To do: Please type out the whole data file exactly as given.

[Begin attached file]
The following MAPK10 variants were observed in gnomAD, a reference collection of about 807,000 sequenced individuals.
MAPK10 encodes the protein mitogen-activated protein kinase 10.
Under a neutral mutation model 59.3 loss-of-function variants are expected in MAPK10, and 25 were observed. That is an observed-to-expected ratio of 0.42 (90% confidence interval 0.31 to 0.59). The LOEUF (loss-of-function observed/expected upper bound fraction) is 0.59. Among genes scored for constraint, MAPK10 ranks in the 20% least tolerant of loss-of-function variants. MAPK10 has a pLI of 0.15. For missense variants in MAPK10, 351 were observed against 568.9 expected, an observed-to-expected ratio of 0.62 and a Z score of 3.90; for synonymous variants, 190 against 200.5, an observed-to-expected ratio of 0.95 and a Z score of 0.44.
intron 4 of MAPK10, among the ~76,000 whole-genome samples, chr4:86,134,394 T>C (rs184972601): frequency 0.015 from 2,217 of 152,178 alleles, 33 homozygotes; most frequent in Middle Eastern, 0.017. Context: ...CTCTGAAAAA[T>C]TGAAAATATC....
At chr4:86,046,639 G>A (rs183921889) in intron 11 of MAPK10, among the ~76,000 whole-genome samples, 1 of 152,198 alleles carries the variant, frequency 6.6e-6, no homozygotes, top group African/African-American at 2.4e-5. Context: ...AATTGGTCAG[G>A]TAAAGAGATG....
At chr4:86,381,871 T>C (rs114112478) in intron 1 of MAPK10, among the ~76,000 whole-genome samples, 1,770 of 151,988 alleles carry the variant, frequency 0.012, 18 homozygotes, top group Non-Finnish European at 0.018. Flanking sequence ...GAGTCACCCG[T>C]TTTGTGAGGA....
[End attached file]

The following MAPK10 variants were observed in gnomAD, a reference collection of about 807,000 sequenced individuals.
MAPK10 encodes the protein mitogen-activated protein kinase 10.
Under a neutral mutation model 59.3 loss-of-function variants are expected in MAPK10, and 25 were observed. That is an observed-to-expected ratio of 0.42 (90% confidence interval 0.31 to 0.59). The LOEUF (loss-of-function observed/expected upper bound fraction) is 0.59. Among genes scored for constraint, MAPK10 ranks in the 20% least tolerant of loss-of-function variants. MAPK10 has a pLI of 0.15. For missense variants in MAPK10, 351 were observed against 568.9 expected, an observed-to-expected ratio of 0.62 and a Z score of 3.90; for synonymous variants, 190 against 200.5, an observed-to-expected ratio of 0.95 and a Z score of 0.44.
intron 4 of MAPK10, among the ~76,000 whole-genome samples, chr4:86,134,394 T>C (rs184972601): frequency 0.015 from 2,217 of 152,178 alleles, 33 homozygotes; most frequent in Middle Eastern, 0.017. Context: ...CTCTGAAAAA[T>C]TGAAAATATC....
At chr4:86,046,639 G>A (rs183921889) in intron 11 of MAPK10, among the ~76,000 whole-genome samples, 1 of 152,198 alleles carries the variant, frequency 6.6e-6, no homozygotes, top group African/African-American at 2.4e-5. Context: ...AATTGGTCAG[G>A]TAAAGAGATG....
At chr4:86,381,871 T>C (rs114112478) in intron 1 of MAPK10, among the ~76,000 whole-genome samples, 1,770 of 151,988 alleles carry the variant, frequency 0.012, 18 homozygotes, top group Non-Finnish European at 0.018. Flanking sequence ...GAGTCACCCG[T>C]TTTGTGAGGA....